Back before schisms and apostacies kicked in, the way that the Church dealt with challenging issues was to pull people together and Biblically, prayerfully and thoughtfully hammer things out. Of course sparks flew as sharp disagreement happened. However, those Councils produced moving creeds and thoughtful Theology helping the church to think carefully on issues such as the inclusion of Gentiles, The Doctrine of the Trinity and the identity of Christ.
We have been hit by a worldwide crisis in the COVID-19 pandemic which has caused the church to ask big questions including:
- How do you engage with Governments and Laws when they seem to be genuinely for your good but leave questions about a potential conflict between God’s Law and human law. This is easy when there is obvious agreement that God’s Law is being broken but what about when it is not so clear cut?
- What does it mean to gather? Is there a requirement to physically gather? What are the implications of technology for good or ill?
- How do we effectively pastor the flock when lockdown restrictions are in place?
- Can we interpret events as being “punishment from God”?
- Is it possible to share communion when not gathered in the same place?
- Is it possible to continue to exist as a church when you have been restricted from meeting?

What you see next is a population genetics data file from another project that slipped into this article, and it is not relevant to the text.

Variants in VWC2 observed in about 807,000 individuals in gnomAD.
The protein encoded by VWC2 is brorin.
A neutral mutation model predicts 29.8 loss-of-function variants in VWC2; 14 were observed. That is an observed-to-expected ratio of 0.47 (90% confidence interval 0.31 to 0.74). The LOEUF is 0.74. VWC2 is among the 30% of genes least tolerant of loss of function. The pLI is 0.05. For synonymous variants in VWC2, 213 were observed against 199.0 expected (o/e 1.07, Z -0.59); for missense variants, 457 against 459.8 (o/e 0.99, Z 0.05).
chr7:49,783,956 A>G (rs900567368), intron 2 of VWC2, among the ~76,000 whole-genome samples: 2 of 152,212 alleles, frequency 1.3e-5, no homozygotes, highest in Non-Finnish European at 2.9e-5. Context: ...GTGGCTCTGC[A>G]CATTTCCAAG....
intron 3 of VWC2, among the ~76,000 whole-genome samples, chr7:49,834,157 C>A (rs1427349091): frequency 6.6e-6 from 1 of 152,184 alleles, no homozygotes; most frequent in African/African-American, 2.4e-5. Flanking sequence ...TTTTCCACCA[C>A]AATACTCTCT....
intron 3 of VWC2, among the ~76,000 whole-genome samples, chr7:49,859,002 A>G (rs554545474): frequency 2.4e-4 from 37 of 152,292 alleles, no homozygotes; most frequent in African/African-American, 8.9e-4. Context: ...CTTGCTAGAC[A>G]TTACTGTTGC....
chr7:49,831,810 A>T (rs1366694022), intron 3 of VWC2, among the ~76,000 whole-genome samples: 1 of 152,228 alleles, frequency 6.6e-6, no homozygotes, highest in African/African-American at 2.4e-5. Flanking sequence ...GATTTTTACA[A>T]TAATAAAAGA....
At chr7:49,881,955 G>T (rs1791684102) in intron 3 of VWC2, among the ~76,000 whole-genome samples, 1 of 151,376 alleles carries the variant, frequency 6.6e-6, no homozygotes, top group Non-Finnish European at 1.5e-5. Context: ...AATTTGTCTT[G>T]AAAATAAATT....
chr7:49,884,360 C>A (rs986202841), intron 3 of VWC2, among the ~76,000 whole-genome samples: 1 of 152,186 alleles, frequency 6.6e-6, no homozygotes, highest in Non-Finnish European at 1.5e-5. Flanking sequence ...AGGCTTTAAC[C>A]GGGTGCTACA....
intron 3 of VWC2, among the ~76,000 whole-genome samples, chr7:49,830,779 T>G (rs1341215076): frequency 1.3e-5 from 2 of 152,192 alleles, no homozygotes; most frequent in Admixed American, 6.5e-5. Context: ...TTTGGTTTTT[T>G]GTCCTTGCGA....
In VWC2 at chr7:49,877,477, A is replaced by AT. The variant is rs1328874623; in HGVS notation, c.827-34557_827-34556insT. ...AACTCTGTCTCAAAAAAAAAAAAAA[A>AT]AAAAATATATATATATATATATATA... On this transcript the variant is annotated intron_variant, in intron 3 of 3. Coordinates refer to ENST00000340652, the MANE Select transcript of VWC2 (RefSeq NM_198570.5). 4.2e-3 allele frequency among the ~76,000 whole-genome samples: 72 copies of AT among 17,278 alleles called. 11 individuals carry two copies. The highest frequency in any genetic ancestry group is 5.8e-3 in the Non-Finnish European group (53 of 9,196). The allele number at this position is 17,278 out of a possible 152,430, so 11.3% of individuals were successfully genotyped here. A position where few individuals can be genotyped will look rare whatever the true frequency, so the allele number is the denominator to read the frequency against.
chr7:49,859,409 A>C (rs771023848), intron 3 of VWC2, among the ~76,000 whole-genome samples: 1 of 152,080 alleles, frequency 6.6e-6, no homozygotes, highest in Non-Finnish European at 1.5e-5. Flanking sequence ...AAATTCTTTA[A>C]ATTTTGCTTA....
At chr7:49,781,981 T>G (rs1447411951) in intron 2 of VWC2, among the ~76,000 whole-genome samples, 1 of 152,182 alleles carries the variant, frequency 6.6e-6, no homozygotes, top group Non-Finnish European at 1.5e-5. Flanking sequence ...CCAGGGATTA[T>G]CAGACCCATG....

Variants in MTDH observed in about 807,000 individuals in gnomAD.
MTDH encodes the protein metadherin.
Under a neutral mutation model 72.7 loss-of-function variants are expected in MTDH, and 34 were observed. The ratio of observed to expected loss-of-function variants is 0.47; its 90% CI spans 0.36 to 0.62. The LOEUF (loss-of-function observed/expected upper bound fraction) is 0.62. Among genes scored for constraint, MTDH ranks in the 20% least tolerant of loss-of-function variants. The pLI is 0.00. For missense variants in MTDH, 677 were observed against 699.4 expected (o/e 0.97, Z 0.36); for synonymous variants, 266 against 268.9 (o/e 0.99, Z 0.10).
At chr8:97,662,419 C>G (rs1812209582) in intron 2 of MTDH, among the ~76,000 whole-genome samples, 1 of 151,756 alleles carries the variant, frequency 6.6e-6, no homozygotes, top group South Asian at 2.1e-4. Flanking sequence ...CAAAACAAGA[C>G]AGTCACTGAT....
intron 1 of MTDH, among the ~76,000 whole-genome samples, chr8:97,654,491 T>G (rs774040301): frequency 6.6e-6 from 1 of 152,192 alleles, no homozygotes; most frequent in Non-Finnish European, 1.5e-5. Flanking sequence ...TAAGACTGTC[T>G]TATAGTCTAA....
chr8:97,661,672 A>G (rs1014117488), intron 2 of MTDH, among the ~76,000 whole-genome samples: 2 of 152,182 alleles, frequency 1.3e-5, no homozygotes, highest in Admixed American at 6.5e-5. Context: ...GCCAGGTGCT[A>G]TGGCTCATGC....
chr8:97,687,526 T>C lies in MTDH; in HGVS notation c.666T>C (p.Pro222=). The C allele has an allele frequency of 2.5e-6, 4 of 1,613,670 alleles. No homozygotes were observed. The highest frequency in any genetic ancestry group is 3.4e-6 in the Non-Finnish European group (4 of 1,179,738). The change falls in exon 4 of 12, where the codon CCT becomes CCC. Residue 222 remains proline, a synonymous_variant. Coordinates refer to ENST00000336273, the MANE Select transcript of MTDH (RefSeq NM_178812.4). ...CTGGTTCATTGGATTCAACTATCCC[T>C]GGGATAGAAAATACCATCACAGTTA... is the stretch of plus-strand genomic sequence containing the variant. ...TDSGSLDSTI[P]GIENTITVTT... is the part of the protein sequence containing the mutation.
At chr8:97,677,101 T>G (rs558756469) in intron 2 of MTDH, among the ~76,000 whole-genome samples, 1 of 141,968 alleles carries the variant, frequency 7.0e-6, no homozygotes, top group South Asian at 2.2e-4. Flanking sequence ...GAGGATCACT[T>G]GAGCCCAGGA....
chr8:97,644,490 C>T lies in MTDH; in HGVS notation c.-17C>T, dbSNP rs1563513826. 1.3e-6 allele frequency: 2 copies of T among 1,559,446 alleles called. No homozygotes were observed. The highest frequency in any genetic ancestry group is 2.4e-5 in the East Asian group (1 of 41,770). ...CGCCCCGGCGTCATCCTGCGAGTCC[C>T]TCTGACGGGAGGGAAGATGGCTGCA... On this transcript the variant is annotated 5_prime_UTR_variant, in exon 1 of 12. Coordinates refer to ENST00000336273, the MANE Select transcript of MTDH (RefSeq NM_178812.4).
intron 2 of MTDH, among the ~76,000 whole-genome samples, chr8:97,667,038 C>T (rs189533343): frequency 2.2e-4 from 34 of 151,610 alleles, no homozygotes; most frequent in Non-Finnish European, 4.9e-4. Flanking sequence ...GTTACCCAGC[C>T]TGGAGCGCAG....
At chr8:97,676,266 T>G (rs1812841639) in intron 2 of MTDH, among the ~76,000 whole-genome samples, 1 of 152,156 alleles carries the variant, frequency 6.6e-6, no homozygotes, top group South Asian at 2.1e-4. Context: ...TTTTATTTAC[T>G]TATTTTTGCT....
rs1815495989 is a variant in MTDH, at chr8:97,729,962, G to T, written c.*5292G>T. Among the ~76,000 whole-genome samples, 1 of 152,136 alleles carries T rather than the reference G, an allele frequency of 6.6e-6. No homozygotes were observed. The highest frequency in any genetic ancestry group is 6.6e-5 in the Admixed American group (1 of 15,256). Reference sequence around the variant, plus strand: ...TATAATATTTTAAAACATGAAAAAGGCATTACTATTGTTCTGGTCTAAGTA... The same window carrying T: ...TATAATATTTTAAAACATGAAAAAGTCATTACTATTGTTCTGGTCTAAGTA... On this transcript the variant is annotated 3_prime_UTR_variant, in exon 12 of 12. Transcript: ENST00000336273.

We’ve had to face them and without the obvious forums being in place to help us think deeply and disagree graciously. There have of course been plenty of blog articles flying about -not least from this site and I think there have been some of us who have been trying to carve out space to think carefully and Biblically. However that still to my mind does not fulfil the brief.
So, I’m really encouraged and excited by an event happening next Monday (19th October). The other week I talked with Graham Nicholls of Affinity about the need for these conversations and Graham has come up trumps. It’s not an international ecumenical council but at very short notice, he has managed to pull together a brilliant group of people to talk about some of the issues as follows:
Each speaker will give a 15-minute presentation followed by 15 minutes of moderated online feedback and discussion.
Session 1 (9.30am to 11.00am)
1) Submission to the authorities: when to obey God rather than men (John Stevens, National Director, FIEC)
2) Evangelism and discipleship: gathering in person versus online church (Matthew Roberts, Minister, Trinity Church York)
3) A medical perspective (Peter Saunders, CEO, International Christian Medical and Dental Association)
Break (11.00am to 11.30am)
Session 2 (11.30am to 1.00pm)
4) Engaging with the science: weighing our own scientific and policy opinions (Michael Ots, Evangelist).
5) Political and legal engagement: why and how (Tim Dieppe, Head of Public Policy, Christian Concern)
6) Pastoral leadership through the crisis (Dave Gobbett, Lead Pastor, Highfields Church, Cardiff)
The speakers take a range of positions on the pandemic, government measures and church responses. So this is likely to generate a lot of thought and discussion. If you would like to attend the event, you can sign up here
Let’s hope that this isn’t the end of the conversation